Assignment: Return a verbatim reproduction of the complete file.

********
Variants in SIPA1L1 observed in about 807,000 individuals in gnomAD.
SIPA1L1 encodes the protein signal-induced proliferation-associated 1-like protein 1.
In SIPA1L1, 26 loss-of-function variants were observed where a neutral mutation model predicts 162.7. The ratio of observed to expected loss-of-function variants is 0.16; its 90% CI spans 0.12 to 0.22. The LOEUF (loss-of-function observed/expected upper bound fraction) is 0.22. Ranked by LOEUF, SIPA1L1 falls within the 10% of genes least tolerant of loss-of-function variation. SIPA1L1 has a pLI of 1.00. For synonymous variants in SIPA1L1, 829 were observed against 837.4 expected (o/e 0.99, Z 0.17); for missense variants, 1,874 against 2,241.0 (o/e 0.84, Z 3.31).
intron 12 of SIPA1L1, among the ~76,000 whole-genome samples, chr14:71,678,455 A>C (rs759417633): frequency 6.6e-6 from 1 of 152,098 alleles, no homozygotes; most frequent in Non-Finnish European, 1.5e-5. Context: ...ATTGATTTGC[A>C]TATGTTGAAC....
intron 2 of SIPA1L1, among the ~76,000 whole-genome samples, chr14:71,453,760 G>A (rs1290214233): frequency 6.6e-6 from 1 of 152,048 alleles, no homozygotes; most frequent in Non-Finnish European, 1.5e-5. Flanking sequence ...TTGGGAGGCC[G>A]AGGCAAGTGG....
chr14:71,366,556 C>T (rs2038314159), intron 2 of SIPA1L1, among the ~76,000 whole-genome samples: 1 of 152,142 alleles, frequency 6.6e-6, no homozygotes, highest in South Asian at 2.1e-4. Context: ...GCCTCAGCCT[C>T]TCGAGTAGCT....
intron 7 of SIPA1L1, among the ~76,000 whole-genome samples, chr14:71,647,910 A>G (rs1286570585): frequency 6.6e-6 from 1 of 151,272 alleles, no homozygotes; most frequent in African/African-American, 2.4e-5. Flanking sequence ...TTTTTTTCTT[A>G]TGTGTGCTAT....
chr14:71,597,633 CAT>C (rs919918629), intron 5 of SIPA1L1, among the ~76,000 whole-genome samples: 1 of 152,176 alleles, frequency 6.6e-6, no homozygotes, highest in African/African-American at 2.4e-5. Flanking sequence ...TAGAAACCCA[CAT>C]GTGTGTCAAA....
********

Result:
Variants in SIPA1L1 observed in about 807,000 individuals in gnomAD.
SIPA1L1 encodes the protein signal-induced proliferation-associated 1-like protein 1.
In SIPA1L1, 26 loss-of-function variants were observed where a neutral mutation model predicts 162.7. The ratio of observed to expected loss-of-function variants is 0.16; its 90% CI spans 0.12 to 0.22. The LOEUF (loss-of-function observed/expected upper bound fraction) is 0.22. Ranked by LOEUF, SIPA1L1 falls within the 10% of genes least tolerant of loss-of-function variation. SIPA1L1 has a pLI of 1.00. For synonymous variants in SIPA1L1, 829 were observed against 837.4 expected (o/e 0.99, Z 0.17); for missense variants, 1,874 against 2,241.0 (o/e 0.84, Z 3.31).
intron 12 of SIPA1L1, among the ~76,000 whole-genome samples, chr14:71,678,455 A>C (rs759417633): frequency 6.6e-6 from 1 of 152,098 alleles, no homozygotes; most frequent in Non-Finnish European, 1.5e-5. Context: ...ATTGATTTGC[A>C]TATGTTGAAC....
intron 2 of SIPA1L1, among the ~76,000 whole-genome samples, chr14:71,453,760 G>A (rs1290214233): frequency 6.6e-6 from 1 of 152,048 alleles, no homozygotes; most frequent in Non-Finnish European, 1.5e-5. Flanking sequence ...TTGGGAGGCC[G>A]AGGCAAGTGG....
chr14:71,366,556 C>T (rs2038314159), intron 2 of SIPA1L1, among the ~76,000 whole-genome samples: 1 of 152,142 alleles, frequency 6.6e-6, no homozygotes, highest in South Asian at 2.1e-4. Context: ...GCCTCAGCCT[C>T]TCGAGTAGCT....
intron 7 of SIPA1L1, among the ~76,000 whole-genome samples, chr14:71,647,910 A>G (rs1286570585): frequency 6.6e-6 from 1 of 151,272 alleles, no homozygotes; most frequent in African/African-American, 2.4e-5. Flanking sequence ...TTTTTTTCTT[A>G]TGTGTGCTAT....
chr14:71,597,633 CAT>C (rs919918629), intron 5 of SIPA1L1, among the ~76,000 whole-genome samples: 1 of 152,176 alleles, frequency 6.6e-6, no homozygotes, highest in African/African-American at 2.4e-5. Flanking sequence ...TAGAAACCCA[CAT>C]GTGTGTCAAA....